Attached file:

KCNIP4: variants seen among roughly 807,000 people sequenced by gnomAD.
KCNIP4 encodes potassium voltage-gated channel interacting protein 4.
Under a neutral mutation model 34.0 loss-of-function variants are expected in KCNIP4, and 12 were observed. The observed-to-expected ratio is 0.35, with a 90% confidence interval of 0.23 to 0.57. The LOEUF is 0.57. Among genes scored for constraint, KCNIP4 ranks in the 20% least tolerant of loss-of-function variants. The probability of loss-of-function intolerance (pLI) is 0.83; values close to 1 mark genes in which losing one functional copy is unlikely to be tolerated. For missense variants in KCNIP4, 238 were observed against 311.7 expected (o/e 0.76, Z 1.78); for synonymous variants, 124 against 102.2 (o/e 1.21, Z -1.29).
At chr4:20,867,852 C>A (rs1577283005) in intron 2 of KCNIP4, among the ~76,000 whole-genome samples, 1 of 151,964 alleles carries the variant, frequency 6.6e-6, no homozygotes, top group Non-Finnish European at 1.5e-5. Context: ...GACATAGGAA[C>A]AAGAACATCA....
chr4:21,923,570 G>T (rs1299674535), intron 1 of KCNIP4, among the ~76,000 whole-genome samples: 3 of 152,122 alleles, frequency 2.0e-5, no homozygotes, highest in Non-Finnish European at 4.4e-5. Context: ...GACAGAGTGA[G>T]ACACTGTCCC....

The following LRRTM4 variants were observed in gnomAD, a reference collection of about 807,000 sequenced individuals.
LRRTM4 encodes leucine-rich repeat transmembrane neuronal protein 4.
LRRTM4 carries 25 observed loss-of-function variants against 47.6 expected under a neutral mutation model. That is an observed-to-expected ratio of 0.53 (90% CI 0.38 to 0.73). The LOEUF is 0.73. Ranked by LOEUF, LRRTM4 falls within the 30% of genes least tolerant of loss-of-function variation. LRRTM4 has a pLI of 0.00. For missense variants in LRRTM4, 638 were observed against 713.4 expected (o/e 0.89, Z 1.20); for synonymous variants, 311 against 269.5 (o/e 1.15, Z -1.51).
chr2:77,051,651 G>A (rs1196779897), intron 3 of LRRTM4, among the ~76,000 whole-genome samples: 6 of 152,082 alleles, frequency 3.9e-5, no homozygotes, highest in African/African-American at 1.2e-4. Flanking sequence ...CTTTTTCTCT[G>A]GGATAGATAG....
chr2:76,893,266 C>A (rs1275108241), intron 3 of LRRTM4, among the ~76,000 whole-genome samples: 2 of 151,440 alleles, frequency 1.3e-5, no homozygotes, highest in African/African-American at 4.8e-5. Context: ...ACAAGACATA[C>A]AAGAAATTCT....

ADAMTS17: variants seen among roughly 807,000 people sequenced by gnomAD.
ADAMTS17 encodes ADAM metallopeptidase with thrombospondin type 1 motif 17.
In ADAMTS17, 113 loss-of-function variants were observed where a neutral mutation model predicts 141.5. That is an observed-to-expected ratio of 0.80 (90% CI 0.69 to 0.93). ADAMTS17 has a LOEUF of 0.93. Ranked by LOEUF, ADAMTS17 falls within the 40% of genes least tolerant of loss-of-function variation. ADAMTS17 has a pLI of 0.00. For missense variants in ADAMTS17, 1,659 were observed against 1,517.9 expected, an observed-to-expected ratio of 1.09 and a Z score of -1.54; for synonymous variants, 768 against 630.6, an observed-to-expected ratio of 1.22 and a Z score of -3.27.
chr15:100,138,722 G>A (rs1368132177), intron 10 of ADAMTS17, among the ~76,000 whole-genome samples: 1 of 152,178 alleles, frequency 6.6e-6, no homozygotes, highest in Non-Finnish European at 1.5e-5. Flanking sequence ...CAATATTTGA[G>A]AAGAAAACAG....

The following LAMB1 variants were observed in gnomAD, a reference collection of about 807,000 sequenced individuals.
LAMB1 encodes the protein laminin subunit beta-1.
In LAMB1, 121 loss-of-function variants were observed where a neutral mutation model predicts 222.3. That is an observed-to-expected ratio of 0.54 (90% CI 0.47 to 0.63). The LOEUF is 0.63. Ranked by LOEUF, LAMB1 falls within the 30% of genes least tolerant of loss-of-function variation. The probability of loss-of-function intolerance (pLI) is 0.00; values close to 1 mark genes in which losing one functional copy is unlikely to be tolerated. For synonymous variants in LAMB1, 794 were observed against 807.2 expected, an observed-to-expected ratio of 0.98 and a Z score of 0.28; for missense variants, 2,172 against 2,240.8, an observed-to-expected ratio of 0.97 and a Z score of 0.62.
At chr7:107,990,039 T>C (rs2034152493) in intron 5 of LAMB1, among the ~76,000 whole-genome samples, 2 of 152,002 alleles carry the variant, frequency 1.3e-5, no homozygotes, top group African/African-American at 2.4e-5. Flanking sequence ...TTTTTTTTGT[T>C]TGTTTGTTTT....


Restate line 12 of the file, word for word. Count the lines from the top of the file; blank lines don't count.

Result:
ADAMTS17 encodes ADAM metallopeptidase with thrombospondin type 1 motif 17.